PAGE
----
The voluntary filtering being introduced by some of Australia’s major internet service providers (ISPs) is on shaky legal ground. Blocking access to blacklisted websites could even be a crime.
Since July 1, Telstra, Optus and some smaller member ISPs of the Internet Industry Association (IIA) have been introducing content filters based on Interpol’s blacklist of child exploitation material rather than the relevant portions of the blacklist that continues to be compiled by the Australian Communications and Media Authority (ACMA).
This was Communication Minister Stephen Conroy’s strategy. The ISPs filter out kiddie-nasties voluntarily, at least in the short term. He’s seemingly not fussed that it’s a different list. Meanwhile, the Australian Law Reform Commission is reviewing the entire content classification system. The government will eventually incorporate that review into laws to implement Labor’s still-unchanged policy for more comprehensive internet censorship.
The nod-wink-handshake was politically expedient. It got things in motion without having to squeeze tough internet censorship laws through a constipated Senate. (Blame Greens Senator Scott Ludlam for that mental image.) Existing laws have been re-purposed, perhaps stretched to the point of fissure. (Blame me for that one.)
The IIA has said the filter would be part of its forthcoming voluntary industry code. No new laws were needed because ISPs were installing the filters “in accordance with a legal request for assistance” under s313 of the Telecommunications Act.
Presumably ISPs believe, or hope, that by responding to a “legal request” by police under s313(3) and something goes pear-shaped they’ll be covered by the immunity provisions in s313(5).
“The IIA’s use of the term ‘legal request’ in their media release of June 27, 2011 appears (in the writer’s opinion) designed to either exaggerate and/or mislead readers (members of the public, including some journalists, etc.) about the extent of police powers under s313,” writes Irene Graham in a comprehensive 7000-word analysis at Libertus.net.
These “legal requests”, writes Graham, refer to the fact that police can request, and the telcos be required to give, “such help as is reasonably necessary” for the “purpose” of “enforcing the criminal law” and other specified types of laws.
Requests have usually been for phone call records, call traces, telecommunications services and technical advice for investigators or, in limited circumstances, cutting off a service.
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Blocking access to websites takes us into new territory.
“There is potentially or possibly an argument that the actual filtering of the Interpol blacklist itself could under the Commonwealth Criminal Code Act constitute an impairment of an electronic communication, which could actually be a criminal offence,” said Peter Black, QUT internet law lecturer, on the Patch Monday podcast.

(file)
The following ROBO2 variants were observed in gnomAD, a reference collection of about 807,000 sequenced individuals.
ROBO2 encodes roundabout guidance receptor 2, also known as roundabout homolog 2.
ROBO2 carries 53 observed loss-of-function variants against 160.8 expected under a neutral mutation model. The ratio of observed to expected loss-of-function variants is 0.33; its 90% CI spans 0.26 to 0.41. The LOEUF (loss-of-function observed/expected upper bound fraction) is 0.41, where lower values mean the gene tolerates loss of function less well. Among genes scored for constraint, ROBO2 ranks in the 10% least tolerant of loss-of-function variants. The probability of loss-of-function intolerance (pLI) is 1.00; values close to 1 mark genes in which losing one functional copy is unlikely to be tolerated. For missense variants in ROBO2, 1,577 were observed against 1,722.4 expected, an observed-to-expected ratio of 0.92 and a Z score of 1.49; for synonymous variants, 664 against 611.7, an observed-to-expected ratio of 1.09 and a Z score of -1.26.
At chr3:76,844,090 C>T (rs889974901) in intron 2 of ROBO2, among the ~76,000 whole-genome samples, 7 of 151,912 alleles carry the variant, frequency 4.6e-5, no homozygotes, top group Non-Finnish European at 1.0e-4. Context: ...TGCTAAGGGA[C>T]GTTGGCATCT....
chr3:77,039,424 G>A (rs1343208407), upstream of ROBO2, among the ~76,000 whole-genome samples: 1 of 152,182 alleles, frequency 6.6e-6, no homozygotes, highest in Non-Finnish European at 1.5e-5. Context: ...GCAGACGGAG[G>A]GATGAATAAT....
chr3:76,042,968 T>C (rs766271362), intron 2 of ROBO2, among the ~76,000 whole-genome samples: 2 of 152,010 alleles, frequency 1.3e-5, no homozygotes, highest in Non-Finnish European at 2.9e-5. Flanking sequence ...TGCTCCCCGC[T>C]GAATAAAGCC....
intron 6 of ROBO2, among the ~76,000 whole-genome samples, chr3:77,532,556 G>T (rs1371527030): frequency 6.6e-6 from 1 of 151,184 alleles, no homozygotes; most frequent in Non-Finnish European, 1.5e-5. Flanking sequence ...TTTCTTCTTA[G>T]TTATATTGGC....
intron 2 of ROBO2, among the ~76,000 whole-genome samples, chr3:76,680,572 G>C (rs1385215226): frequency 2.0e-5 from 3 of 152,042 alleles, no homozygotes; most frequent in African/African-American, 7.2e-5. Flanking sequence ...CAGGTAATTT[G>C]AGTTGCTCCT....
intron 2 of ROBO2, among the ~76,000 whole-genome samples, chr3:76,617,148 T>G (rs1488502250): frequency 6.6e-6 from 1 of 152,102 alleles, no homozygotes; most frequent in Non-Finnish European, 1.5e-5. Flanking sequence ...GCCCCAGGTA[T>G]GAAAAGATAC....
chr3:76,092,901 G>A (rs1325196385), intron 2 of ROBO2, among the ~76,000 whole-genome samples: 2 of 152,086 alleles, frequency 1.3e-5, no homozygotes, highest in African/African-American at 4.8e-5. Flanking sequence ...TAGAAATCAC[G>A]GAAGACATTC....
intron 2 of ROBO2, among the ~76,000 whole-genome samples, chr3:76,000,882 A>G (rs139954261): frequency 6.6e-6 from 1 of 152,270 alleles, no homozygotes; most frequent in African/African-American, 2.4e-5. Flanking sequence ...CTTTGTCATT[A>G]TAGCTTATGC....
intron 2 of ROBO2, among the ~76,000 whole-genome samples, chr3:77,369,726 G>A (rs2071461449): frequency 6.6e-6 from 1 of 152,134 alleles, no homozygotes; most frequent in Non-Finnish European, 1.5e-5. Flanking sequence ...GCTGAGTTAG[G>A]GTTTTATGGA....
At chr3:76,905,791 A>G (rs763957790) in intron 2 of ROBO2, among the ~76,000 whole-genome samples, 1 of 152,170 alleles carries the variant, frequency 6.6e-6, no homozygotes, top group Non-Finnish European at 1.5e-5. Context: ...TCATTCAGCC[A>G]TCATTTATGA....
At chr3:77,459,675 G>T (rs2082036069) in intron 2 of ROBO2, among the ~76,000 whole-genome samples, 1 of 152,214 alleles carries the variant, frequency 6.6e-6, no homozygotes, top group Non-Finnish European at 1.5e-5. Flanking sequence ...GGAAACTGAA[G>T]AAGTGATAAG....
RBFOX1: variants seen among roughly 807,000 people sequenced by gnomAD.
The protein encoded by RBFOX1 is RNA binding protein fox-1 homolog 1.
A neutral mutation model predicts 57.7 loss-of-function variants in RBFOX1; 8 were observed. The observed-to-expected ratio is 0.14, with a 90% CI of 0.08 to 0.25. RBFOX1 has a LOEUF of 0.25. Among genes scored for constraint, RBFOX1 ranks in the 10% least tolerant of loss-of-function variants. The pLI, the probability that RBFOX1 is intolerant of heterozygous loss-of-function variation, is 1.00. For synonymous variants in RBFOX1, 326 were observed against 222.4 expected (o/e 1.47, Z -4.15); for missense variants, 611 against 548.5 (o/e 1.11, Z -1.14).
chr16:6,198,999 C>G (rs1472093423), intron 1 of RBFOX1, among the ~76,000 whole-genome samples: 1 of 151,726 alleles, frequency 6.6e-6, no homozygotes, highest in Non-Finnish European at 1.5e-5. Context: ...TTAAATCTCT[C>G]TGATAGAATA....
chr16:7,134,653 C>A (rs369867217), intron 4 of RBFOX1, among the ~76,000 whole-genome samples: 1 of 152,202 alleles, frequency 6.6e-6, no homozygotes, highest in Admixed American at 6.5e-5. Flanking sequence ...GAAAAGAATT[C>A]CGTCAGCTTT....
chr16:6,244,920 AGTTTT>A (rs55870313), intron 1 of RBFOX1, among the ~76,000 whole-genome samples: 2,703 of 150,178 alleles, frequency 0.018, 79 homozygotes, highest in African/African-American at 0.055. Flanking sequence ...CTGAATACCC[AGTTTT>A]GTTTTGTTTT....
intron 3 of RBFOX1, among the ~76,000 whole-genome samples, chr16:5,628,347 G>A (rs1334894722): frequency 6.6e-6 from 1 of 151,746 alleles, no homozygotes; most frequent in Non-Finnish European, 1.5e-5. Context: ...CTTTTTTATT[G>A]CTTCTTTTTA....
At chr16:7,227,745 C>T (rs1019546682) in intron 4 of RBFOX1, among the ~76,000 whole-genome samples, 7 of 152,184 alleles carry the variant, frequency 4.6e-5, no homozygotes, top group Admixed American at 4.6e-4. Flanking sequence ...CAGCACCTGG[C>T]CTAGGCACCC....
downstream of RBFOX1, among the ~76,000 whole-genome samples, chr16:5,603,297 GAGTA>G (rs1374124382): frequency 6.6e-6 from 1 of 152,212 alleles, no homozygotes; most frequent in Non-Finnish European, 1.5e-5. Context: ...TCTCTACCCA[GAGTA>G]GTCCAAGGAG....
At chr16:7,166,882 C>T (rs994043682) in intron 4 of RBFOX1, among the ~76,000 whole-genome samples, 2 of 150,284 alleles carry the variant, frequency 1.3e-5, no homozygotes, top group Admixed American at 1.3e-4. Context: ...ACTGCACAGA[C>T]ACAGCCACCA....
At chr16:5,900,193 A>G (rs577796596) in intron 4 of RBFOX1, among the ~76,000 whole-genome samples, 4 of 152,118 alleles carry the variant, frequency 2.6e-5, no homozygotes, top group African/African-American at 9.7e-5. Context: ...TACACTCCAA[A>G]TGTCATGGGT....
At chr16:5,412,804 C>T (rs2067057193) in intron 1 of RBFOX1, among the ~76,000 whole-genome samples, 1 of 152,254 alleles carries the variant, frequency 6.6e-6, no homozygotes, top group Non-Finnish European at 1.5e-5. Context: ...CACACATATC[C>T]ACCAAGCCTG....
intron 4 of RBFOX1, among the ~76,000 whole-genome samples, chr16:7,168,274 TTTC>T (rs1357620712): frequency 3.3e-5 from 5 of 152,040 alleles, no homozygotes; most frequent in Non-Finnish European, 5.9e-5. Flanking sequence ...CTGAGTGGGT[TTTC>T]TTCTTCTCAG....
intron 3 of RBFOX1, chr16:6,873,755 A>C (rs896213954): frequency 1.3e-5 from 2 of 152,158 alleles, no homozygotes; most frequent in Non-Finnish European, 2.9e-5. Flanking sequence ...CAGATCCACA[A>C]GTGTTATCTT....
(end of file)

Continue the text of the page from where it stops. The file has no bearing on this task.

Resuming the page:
It’s s477(3). Maximum penalty 10 years in prison.
The Telecommunication Act’s s313(5) provisions only protect ISPs and other carriage providers from civil action. And the internet filters might not actually be “authorised” in law.
“Note: s476.2(4) states that a person is entitled to cause impairment of electronic communication when that is done under a warrant issued under the law of the Commonwealth, a state or a territory. However, there is no exception for impairment that occurs in response to a mere request for ‘help’ by police or anyone else,” Graham writes.
If the criminals hack some examplecorp.com and serve illegal material from an obscure location, the entire website is blacked out. It’s quite likely that the majority of accesses being blocked would have been to legitimate content. There’s plenty of scope for collateral damage.
Mark Riley is chief technology officer at ContentKeeper. Its business is content filtering. He likes domain-wide blocking.
“If a hosting provider is a bit recalcitrant about taking content down, and they leave content that is known to be inappropriate up, they will then be put on the list, and amazingly, within minutes the actual content will be removed.” Riley told ZDNet Australia. “Having that amount of leverage over a hosting provider seems to have very, very positive outcomes.”
Erm, due process?
“That does sound a little bit troubling,” Black said. “Hopefully if Australia does go down the path of using this Interpol list more broadly we can have some sway and influence over how that list operates.
“Ultimately, I think this is more an interesting academic question because I think it can easily be solved by one of two ways,” he said. Parliament could pass some quite simple amendments to legislation. Or the ISPs could just adjust the terms of service with their customers.
“As long as the terms of service allow the ISP to do this, then this whole complicated legal question goes away, and it is very easy for the ISPs to change their terms of service.”
But is that the way we make laws? We just leave the commercial sector to do its own thing?